SURFACE CRACKING TO THE TOE OF THE BLADE

CAUSE - general wear and tear. This type of damage is often caused by the striking of a "yorker" delivery and/or excessive tapping of the crease.

SOLUTION - NOT REPLACEABLE, crack will not affect the performance of the BAT. Repairable at the MANUFACTURER'S discretion dependant on the age and condition of the bat.


 


SPLIT THROUGH THE TOE AREA OF THE BLADE

CAUSE - This type of damage is caused by the striking of a ball at, or near the base of the blade, e.g. the driving of a "yorker".

SOLUTION - Repairable and/or replaceable at the MANUFACTURER'S discretion dependant on the age and condition of the bat.


 


CRACKING TO THE SHOULDER OF THE BLADE

CAUSE - General wear and tear, mis-hit shots.

SOLUTION - NOT REPLACEABLE, repairable at the MANUFACTURER'S discretion depending on the age and condition of the bat.


 


MOISTURE DAMAGE

CAUSE - this type of damage occurs as a result of use in damp or wet conditions. It generally leads to swelling of the toe area of the blade, which after drying may well split.

SOLUTION - NOT REPLACEABLE, there is no fault in the manufacturing or the materials used. The damage may be repairable at the MANUFACTURER'S discretion and the CUSTOMER' S cost.


BREAKAGE TO THE BLADE

CAUSE - Weak or excessively dry willow.

SOLUTION - Potentially replaceable by full or partial credit, at MANUFACTURER'S discretion dependant on the age and condition of the bat.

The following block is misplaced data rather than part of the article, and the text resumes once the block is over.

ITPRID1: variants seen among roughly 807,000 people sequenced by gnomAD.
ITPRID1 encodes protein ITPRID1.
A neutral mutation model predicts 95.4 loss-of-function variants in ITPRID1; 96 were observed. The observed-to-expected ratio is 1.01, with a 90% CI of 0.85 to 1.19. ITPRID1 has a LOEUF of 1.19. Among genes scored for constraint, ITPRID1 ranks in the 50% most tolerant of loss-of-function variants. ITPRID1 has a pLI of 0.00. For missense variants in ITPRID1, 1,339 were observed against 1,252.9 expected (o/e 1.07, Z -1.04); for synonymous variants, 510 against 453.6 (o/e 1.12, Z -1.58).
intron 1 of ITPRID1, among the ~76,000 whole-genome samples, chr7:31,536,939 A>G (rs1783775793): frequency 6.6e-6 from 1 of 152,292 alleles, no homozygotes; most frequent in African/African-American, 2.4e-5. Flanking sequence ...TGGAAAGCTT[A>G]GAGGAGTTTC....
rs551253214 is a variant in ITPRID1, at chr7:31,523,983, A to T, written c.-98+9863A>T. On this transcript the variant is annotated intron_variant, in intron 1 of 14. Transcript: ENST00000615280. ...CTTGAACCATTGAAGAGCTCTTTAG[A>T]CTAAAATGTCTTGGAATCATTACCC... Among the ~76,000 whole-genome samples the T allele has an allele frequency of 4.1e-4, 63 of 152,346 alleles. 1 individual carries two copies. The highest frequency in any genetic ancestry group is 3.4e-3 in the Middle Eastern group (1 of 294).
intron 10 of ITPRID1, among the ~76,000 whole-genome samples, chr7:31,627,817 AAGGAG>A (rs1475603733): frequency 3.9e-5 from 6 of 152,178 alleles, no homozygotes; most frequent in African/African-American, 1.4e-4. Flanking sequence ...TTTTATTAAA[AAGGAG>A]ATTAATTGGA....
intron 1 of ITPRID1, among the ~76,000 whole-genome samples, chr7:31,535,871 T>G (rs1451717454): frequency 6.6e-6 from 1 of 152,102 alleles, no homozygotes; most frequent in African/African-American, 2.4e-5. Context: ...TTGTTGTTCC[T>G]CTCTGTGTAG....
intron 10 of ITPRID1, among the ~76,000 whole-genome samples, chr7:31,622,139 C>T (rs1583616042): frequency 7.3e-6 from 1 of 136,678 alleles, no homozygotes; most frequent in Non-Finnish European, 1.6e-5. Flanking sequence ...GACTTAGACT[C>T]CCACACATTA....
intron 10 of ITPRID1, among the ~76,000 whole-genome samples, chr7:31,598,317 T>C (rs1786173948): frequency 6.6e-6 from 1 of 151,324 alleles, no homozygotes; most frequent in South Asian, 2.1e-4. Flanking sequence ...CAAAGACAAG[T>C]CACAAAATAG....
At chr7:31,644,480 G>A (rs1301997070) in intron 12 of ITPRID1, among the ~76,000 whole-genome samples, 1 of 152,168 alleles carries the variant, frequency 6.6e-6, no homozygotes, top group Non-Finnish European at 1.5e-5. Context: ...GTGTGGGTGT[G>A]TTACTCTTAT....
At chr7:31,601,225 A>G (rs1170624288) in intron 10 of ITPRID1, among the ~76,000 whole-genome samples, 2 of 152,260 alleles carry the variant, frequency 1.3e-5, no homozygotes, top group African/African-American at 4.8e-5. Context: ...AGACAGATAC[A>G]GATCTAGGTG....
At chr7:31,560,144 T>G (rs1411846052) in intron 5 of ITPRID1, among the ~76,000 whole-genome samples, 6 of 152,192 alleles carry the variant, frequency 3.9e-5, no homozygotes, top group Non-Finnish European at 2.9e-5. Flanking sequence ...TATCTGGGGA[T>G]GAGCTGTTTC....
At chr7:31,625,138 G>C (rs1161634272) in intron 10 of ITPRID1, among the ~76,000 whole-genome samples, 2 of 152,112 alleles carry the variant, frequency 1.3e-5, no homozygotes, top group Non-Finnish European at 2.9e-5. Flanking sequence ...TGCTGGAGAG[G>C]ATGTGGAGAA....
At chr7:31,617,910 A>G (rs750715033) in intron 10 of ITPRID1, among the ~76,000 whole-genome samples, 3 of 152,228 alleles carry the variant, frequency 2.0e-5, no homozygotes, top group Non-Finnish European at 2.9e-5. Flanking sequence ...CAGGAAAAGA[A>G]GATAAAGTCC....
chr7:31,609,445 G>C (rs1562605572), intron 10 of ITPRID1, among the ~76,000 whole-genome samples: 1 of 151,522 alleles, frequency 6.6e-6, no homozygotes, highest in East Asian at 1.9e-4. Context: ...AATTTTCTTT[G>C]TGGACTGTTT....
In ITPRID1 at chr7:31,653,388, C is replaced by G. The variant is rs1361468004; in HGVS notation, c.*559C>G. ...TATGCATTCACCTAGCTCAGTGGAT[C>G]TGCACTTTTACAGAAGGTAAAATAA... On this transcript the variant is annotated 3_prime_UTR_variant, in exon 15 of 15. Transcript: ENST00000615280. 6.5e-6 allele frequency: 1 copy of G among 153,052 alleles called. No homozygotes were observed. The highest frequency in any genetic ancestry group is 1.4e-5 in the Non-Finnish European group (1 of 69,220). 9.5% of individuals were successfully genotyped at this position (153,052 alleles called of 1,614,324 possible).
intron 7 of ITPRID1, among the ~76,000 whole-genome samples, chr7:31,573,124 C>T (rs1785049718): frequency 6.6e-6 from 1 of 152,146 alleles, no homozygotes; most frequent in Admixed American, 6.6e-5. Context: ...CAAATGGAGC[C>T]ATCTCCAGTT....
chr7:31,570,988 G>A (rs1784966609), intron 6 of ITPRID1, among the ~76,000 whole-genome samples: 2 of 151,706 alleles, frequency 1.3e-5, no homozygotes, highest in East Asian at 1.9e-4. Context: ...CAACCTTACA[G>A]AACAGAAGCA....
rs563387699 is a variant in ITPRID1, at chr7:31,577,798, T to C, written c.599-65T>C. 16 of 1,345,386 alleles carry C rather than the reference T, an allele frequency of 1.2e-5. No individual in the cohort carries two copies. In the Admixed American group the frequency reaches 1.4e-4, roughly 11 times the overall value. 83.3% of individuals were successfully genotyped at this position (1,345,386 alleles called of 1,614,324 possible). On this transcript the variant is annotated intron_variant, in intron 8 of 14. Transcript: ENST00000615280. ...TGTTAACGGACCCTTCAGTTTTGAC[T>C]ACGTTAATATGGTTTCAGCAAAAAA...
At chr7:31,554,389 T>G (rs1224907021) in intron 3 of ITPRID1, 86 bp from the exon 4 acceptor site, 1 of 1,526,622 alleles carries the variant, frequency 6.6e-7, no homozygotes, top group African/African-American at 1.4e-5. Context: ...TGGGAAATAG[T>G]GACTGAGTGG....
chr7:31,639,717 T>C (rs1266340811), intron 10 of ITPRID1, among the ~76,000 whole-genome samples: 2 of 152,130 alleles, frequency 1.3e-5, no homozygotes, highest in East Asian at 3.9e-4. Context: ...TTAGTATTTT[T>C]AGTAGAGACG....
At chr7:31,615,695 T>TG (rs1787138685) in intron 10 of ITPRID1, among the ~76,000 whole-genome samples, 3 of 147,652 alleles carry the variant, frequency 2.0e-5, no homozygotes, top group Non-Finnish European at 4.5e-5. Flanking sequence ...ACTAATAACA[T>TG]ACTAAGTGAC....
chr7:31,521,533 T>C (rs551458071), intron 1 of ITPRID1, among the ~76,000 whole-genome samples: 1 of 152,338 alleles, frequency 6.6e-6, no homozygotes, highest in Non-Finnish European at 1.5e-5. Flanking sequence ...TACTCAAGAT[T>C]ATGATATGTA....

HINTS AND TIPS

Pay attention to your bat; sometimes it is impossible to avoid damaging shots, but if damage occurs then

attend to it straight away to maximise its lifespan and comply with the bat's guarantee.


Lightly oil/wax the exposed parts of the blade/toe little and often to keep the bat nourished and

protected.


Avoid 'tapping' at the wicket. The toe is the most vulnerable area of the bat and tapping is the single

biggest cause of serious damage. If you are a “serial tapper” it is worth investing in a toe protector!!


If your bat gets wet, allow it to dry naturally then inspect it for any signs of swelling or fibres opening

up which will need attention.


Storage is important. Keep the bat in a moderate stable environment. For example, avoid leaving in a car boot or near sources of heat.


Beware of cheap balls, especially in junior cricket. Poor quality, cheap cricket balls with hard centres are a menace to bats and the game and a false economy by clubs when they damage individuals' bats.